Friday, 20 March 2009

Revival in Lewis (1820s)

I was reading tonight about the initial revival in the Western Isles during the ministry in Uig, Lewis, of Rev. Alexander Macleod (he was ordained there in 1824). The account is found in a short volume, published in the nineteenth century, that refers to several different revivals that took place in Scotland. The following are some details, including features of the revival highlighted in the account, as well as a couple of paragraphs from it.
1. When Macleod arrived, most of the congregation, although unconverted, attended the Lord’s Supper (there were between eight and nine hundred of them). He delayed holding one for a year because he suspected few discerned the Lord while taking part in the Supper. When he did arrange an occasion, only a few participated and that with silent tears.

2. Signs of approaching awakening included inquirers wanting private instruction, an extra lecture on Thursdays, and increase of prayer meetings. Over the years, many who were converted did not come to the Lord’s Supper, a common response elsewhere in the Highlands, but also a defect in the religious life of the church. In 1828, over 9,000 attended the communion in Uig. One of the preachers was the well-known evangelist, John Macdonald of Ferintosh. A sea captain observed of this revival: ‘One hears of religion elsewhere, but one sees it here in everything.’

3. Five natives of Uig lost their sight in the army while in Egypt. They were converted on their return to Uig. Three of them became ‘active fellow-helpers in the extension of Christian truth and consolation’ and one was ‘a most efficient and effective elder’.
Some effects of the revival

1. The prayerfulness of the people. People prayed frequently on a daily basis, especially in the evening. Because their houses contained only one room, the people prayed where they were working (on land or at sea). Morning and evening devotions were held in their homes.

2. The uprightness of the people. This was illustrated in a year of famine. A boat carrying meal was forced ashore by the weather. The people did not raid the boat; instead they waited until each received a legitimate share. The minister gave a promissory note, based on his assumption that the landowner would not let him be impoverished.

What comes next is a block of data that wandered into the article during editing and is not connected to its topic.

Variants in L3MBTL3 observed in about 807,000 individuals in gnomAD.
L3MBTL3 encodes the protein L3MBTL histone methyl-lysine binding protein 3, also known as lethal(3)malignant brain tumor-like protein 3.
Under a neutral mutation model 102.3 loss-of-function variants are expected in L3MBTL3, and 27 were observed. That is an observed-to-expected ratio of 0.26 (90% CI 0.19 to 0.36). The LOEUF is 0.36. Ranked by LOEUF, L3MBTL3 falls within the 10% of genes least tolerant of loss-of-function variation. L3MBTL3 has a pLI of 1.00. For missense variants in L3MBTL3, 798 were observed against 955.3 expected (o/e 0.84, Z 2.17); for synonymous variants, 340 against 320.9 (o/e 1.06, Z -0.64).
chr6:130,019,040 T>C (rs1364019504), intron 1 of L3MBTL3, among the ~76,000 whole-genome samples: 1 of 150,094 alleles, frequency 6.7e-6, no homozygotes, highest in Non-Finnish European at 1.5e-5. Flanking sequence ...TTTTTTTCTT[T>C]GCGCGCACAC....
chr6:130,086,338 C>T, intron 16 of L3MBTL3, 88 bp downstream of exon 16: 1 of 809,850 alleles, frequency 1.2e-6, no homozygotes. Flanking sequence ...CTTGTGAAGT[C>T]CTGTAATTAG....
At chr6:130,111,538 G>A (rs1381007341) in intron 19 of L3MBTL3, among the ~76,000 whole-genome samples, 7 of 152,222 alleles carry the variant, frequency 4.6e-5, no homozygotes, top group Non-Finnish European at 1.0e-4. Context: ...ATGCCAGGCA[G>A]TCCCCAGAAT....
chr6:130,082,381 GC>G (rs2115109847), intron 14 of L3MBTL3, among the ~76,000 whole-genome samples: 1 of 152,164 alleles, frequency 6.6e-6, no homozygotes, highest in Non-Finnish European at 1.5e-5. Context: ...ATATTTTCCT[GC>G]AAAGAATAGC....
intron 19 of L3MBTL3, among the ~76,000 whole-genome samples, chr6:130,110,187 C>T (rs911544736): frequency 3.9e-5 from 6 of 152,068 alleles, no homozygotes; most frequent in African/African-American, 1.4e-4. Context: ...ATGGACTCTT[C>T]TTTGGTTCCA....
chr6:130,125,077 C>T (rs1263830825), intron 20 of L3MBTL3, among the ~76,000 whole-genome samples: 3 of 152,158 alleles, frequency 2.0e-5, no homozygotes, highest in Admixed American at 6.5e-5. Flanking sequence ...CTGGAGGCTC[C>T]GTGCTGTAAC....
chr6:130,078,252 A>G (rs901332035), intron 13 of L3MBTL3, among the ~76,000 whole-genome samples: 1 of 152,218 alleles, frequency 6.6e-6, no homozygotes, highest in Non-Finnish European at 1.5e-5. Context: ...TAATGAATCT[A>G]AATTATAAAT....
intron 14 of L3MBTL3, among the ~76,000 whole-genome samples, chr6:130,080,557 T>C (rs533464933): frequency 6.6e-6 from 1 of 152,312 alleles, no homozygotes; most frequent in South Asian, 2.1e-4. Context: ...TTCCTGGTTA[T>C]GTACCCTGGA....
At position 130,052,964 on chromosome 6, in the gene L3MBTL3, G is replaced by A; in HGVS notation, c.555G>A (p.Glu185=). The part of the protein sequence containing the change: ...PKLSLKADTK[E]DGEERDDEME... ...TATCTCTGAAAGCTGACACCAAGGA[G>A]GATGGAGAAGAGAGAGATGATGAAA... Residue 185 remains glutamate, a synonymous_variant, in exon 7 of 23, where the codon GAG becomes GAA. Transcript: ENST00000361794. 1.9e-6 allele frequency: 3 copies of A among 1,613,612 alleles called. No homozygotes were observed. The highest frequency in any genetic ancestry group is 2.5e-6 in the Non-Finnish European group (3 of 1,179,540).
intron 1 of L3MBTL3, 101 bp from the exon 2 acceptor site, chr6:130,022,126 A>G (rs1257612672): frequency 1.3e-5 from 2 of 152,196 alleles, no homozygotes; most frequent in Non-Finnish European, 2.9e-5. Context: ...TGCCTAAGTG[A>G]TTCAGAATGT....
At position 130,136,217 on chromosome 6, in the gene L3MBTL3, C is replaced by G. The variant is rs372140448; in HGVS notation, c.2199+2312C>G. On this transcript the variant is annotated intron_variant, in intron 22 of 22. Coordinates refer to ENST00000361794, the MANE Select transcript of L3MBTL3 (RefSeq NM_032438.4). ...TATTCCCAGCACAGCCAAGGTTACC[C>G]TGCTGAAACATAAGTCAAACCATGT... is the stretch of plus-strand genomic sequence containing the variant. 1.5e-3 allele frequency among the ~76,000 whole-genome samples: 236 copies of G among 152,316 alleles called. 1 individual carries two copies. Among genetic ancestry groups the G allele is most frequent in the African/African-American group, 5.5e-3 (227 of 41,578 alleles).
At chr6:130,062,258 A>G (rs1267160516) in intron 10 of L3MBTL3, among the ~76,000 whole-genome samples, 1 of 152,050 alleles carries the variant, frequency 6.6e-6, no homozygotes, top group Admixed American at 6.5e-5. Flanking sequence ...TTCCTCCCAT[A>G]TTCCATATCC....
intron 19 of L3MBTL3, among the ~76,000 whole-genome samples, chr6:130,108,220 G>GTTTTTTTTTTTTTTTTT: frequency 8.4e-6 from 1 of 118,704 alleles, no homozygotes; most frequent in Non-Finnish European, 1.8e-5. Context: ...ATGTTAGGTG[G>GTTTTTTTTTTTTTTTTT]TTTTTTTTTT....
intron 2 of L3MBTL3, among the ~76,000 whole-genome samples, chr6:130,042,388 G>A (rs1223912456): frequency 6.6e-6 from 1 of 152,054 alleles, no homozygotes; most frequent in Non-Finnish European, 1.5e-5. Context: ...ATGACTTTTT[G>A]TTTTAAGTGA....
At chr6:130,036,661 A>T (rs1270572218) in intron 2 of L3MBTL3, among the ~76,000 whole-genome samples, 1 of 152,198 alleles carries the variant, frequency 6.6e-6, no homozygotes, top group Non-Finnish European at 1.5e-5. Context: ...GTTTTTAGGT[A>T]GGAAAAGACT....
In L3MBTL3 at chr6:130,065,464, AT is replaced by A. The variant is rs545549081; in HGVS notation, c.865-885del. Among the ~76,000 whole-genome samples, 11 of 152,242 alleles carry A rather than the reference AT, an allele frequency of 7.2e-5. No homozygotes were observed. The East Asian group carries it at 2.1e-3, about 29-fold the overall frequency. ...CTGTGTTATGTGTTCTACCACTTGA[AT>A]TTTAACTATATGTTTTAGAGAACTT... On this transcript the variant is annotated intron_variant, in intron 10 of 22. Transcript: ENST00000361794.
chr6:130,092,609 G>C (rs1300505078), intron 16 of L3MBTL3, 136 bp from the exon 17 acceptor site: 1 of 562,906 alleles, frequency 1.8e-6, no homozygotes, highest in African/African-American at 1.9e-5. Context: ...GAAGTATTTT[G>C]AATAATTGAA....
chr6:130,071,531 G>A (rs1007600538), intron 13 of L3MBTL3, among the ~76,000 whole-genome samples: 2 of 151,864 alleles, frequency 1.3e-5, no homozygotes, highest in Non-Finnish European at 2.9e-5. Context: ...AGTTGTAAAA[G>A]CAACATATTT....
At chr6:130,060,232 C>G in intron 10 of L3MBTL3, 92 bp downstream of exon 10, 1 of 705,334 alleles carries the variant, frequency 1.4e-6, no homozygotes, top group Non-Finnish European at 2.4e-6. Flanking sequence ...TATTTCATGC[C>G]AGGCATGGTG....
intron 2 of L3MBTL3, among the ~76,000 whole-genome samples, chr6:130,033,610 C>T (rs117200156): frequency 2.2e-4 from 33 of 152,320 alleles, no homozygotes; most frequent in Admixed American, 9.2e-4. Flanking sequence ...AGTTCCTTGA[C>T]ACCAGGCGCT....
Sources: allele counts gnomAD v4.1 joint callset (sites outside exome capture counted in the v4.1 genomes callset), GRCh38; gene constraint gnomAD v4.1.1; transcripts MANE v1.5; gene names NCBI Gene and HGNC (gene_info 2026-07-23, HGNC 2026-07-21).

3. One form of restitution was this: ‘It is a rule in this and other isles of the Hebrides that when a man meets a stray sheep on the moor, he is entitled to carry it home as his own, and obliged to make an equivalent offering in the collection for the poor on the Sabbath day. After the commencement of the revival in the Lewis, many came to confess to their minister the trouble of conscience they experienced by reason of what they called a black sheep in their flocks -- some having had them for several winters. The minister always directed them to make restitution now in the appointed way; and in one season, the sum of £16 was deposited in the plate. The number of sheep annually lost has wonderfully diminished since the commencement of the revival, leading to the conclusion, that the loss imputed to accident arose from dishonesty.’
4. The Christian liberality of the people. A collection was taken every Thursday for the needy people of the parish. They collected funds annually for the Gaelic School Society of £13 and above for many years. A poor man told the minister that he would part with one of his cows before parting with the teacher. One of the blind men (named Norman Macleod) mentioned above was converted through a combination of the Bible taught in the school and what he heard in church. He regularly gave a substantial amount from his army pension to help maintain a teacher. On another occasion (in 1835), the congregation noted that after a substantial collection (£20) for church extension work, they were favoured with a bountiful fishing harvest which more than repaid what they had given.